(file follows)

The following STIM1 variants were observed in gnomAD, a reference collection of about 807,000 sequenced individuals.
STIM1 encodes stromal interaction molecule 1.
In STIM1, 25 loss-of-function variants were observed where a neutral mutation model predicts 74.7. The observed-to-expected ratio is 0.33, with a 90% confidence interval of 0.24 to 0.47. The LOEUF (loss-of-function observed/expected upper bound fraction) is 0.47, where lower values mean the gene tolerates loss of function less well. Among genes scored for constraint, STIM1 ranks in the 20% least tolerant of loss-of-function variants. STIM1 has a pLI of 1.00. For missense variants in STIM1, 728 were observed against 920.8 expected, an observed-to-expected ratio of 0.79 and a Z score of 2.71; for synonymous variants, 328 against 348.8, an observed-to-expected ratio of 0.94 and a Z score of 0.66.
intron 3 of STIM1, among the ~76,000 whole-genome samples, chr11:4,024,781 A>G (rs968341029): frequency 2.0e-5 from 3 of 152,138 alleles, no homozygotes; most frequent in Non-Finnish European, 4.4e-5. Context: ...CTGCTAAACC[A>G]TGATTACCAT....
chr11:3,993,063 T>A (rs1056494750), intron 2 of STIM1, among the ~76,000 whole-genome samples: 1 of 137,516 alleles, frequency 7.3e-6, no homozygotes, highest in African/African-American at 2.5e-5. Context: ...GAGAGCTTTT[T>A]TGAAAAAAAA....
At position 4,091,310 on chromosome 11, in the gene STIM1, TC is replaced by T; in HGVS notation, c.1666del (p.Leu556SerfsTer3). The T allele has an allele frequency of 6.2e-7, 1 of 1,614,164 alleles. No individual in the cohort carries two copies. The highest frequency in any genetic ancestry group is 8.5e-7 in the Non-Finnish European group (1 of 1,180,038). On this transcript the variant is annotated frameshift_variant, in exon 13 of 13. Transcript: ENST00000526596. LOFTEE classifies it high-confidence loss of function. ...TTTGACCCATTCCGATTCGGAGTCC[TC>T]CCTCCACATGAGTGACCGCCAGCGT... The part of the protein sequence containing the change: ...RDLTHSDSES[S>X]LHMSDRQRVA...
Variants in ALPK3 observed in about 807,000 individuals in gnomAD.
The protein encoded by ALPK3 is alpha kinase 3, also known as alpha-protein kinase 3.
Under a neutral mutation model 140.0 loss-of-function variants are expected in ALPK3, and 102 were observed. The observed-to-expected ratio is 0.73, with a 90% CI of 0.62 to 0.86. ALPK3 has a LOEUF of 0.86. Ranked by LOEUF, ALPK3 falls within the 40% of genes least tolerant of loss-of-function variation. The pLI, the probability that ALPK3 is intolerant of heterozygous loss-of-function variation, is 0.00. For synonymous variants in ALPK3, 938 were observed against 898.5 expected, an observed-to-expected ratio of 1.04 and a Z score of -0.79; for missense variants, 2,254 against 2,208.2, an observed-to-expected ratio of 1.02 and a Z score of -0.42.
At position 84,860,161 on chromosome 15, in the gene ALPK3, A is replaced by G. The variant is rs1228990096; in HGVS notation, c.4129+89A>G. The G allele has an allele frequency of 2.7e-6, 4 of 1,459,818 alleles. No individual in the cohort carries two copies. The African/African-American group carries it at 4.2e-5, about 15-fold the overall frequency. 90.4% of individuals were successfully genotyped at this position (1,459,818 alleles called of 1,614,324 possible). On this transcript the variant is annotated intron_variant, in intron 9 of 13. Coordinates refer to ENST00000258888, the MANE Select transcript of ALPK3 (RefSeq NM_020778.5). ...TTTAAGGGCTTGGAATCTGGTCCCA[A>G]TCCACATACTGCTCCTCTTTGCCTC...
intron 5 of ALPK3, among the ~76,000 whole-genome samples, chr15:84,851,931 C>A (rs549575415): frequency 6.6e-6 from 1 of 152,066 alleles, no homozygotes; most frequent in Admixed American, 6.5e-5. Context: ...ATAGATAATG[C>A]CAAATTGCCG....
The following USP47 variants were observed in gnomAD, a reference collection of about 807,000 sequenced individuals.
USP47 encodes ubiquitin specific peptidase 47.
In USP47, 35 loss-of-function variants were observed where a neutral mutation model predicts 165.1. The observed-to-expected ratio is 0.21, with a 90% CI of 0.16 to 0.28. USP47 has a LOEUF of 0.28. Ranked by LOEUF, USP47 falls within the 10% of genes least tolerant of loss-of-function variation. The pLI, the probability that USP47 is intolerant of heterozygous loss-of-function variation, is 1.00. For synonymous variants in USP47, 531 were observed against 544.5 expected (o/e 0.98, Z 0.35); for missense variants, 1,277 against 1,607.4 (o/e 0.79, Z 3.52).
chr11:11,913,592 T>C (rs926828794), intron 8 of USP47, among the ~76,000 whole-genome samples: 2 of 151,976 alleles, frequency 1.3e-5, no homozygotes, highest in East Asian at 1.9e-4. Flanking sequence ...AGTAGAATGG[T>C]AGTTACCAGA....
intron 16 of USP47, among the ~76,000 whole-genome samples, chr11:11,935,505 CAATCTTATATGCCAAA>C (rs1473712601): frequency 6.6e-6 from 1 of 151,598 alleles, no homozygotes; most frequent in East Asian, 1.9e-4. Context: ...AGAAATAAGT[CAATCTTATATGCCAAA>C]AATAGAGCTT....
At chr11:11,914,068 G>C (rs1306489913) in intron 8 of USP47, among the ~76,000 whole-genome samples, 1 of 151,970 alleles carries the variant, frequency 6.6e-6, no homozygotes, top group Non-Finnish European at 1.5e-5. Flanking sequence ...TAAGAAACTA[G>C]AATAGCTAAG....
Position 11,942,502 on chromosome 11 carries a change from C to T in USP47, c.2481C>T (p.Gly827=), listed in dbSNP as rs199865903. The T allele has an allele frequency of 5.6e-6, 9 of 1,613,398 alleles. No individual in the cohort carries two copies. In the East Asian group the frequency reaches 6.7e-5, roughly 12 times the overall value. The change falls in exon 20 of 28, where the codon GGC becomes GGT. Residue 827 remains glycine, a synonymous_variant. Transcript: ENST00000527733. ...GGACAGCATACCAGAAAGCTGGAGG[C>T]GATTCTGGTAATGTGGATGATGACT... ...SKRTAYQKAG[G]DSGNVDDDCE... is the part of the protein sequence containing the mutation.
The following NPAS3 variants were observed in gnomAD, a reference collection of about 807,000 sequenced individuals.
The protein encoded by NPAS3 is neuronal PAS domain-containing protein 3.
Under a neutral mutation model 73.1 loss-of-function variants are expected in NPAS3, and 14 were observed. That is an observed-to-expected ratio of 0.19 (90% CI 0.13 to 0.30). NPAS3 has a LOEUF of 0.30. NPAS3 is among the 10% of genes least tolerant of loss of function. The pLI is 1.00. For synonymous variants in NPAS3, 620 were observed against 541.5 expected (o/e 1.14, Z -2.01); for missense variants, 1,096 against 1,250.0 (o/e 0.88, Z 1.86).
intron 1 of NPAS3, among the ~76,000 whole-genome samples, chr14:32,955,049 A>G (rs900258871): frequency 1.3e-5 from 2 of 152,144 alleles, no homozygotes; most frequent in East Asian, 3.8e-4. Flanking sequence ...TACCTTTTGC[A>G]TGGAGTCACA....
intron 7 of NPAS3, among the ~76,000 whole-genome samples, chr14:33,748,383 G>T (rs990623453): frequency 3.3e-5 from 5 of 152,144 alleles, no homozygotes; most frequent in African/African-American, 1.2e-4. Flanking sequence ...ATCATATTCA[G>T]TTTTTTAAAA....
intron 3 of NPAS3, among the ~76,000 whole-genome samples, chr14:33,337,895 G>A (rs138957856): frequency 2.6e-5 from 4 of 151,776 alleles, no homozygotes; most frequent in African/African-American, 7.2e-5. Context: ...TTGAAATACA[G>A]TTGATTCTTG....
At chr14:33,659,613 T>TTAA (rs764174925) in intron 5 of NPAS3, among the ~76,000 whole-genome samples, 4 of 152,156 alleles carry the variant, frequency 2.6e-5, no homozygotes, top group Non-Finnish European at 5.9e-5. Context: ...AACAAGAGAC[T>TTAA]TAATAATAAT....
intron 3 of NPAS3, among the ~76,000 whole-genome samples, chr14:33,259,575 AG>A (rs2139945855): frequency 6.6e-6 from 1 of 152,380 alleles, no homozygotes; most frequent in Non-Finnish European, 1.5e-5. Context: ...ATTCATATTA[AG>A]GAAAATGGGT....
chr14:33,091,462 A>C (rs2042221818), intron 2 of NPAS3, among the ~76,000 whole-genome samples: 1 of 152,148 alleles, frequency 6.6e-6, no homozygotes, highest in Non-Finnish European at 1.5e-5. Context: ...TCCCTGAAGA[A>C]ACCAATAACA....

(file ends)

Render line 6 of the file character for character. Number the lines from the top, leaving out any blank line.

At position 4,091,310 on chromosome 11, in the gene STIM1, TC is replaced by T; in HGVS notation, c.1666del (p.Leu556SerfsTer3). The T allele has an allele frequency of 6.2e-7, 1 of 1,614,164 alleles. No individual in the cohort carries two copies. The highest frequency in any genetic ancestry group is 8.5e-7 in the Non-Finnish European group (1 of 1,180,038). On this transcript the variant is annotated frameshift_variant, in exon 13 of 13. Transcript: ENST00000526596. LOFTEE classifies it high-confidence loss of function. ...TTTGACCCATTCCGATTCGGAGTCC[TC>T]CCTCCACATGAGTGACCGCCAGCGT... The part of the protein sequence containing the change: ...RDLTHSDSES[S>X]LHMSDRQRVA...